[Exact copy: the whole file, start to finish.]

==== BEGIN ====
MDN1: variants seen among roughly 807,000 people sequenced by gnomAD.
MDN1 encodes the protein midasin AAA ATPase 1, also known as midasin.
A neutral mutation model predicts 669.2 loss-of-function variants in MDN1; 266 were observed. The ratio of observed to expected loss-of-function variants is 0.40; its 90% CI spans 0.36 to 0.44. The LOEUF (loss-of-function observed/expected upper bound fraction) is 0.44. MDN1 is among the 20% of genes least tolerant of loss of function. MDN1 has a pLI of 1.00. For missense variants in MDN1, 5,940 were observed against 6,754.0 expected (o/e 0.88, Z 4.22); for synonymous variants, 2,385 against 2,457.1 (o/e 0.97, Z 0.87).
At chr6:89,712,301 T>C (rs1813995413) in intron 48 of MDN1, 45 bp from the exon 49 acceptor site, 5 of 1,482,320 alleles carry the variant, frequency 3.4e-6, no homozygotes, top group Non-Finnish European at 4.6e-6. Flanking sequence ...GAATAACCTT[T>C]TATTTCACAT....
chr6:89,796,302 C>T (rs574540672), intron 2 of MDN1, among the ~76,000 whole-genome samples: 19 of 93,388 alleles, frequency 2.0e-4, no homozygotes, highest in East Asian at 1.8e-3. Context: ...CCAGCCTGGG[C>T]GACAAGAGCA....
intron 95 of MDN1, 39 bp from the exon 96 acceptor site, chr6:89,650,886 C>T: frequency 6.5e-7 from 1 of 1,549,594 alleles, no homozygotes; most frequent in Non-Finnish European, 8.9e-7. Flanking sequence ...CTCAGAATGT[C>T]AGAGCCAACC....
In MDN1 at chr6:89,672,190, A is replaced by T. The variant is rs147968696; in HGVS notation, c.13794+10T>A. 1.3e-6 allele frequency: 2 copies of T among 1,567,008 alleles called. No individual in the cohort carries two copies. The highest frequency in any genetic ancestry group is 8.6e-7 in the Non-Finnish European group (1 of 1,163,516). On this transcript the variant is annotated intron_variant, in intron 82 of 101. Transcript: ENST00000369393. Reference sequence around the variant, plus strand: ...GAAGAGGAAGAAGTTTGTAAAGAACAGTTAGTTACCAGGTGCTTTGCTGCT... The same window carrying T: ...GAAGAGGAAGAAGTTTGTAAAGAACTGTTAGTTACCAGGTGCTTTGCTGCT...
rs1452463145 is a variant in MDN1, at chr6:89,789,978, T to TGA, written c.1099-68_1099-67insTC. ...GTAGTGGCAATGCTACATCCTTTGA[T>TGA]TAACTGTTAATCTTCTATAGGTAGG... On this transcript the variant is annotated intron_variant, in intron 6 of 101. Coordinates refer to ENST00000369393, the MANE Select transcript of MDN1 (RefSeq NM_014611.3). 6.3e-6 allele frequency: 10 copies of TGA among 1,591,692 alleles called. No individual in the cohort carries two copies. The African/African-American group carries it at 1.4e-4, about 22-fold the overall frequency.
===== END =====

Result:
MDN1: variants seen among roughly 807,000 people sequenced by gnomAD.
MDN1 encodes the protein midasin AAA ATPase 1, also known as midasin.
A neutral mutation model predicts 669.2 loss-of-function variants in MDN1; 266 were observed. The ratio of observed to expected loss-of-function variants is 0.40; its 90% CI spans 0.36 to 0.44. The LOEUF (loss-of-function observed/expected upper bound fraction) is 0.44. MDN1 is among the 20% of genes least tolerant of loss of function. MDN1 has a pLI of 1.00. For missense variants in MDN1, 5,940 were observed against 6,754.0 expected (o/e 0.88, Z 4.22); for synonymous variants, 2,385 against 2,457.1 (o/e 0.97, Z 0.87).
At chr6:89,712,301 T>C (rs1813995413) in intron 48 of MDN1, 45 bp from the exon 49 acceptor site, 5 of 1,482,320 alleles carry the variant, frequency 3.4e-6, no homozygotes, top group Non-Finnish European at 4.6e-6. Flanking sequence ...GAATAACCTT[T>C]TATTTCACAT....
chr6:89,796,302 C>T (rs574540672), intron 2 of MDN1, among the ~76,000 whole-genome samples: 19 of 93,388 alleles, frequency 2.0e-4, no homozygotes, highest in East Asian at 1.8e-3. Context: ...CCAGCCTGGG[C>T]GACAAGAGCA....
intron 95 of MDN1, 39 bp from the exon 96 acceptor site, chr6:89,650,886 C>T: frequency 6.5e-7 from 1 of 1,549,594 alleles, no homozygotes; most frequent in Non-Finnish European, 8.9e-7. Flanking sequence ...CTCAGAATGT[C>T]AGAGCCAACC....
In MDN1 at chr6:89,672,190, A is replaced by T. The variant is rs147968696; in HGVS notation, c.13794+10T>A. 1.3e-6 allele frequency: 2 copies of T among 1,567,008 alleles called. No individual in the cohort carries two copies. The highest frequency in any genetic ancestry group is 8.6e-7 in the Non-Finnish European group (1 of 1,163,516). On this transcript the variant is annotated intron_variant, in intron 82 of 101. Transcript: ENST00000369393. Reference sequence around the variant, plus strand: ...GAAGAGGAAGAAGTTTGTAAAGAACAGTTAGTTACCAGGTGCTTTGCTGCT... The same window carrying T: ...GAAGAGGAAGAAGTTTGTAAAGAACTGTTAGTTACCAGGTGCTTTGCTGCT...
rs1452463145 is a variant in MDN1, at chr6:89,789,978, T to TGA, written c.1099-68_1099-67insTC. ...GTAGTGGCAATGCTACATCCTTTGA[T>TGA]TAACTGTTAATCTTCTATAGGTAGG... On this transcript the variant is annotated intron_variant, in intron 6 of 101. Coordinates refer to ENST00000369393, the MANE Select transcript of MDN1 (RefSeq NM_014611.3). 6.3e-6 allele frequency: 10 copies of TGA among 1,591,692 alleles called. No individual in the cohort carries two copies. The African/African-American group carries it at 1.4e-4, about 22-fold the overall frequency.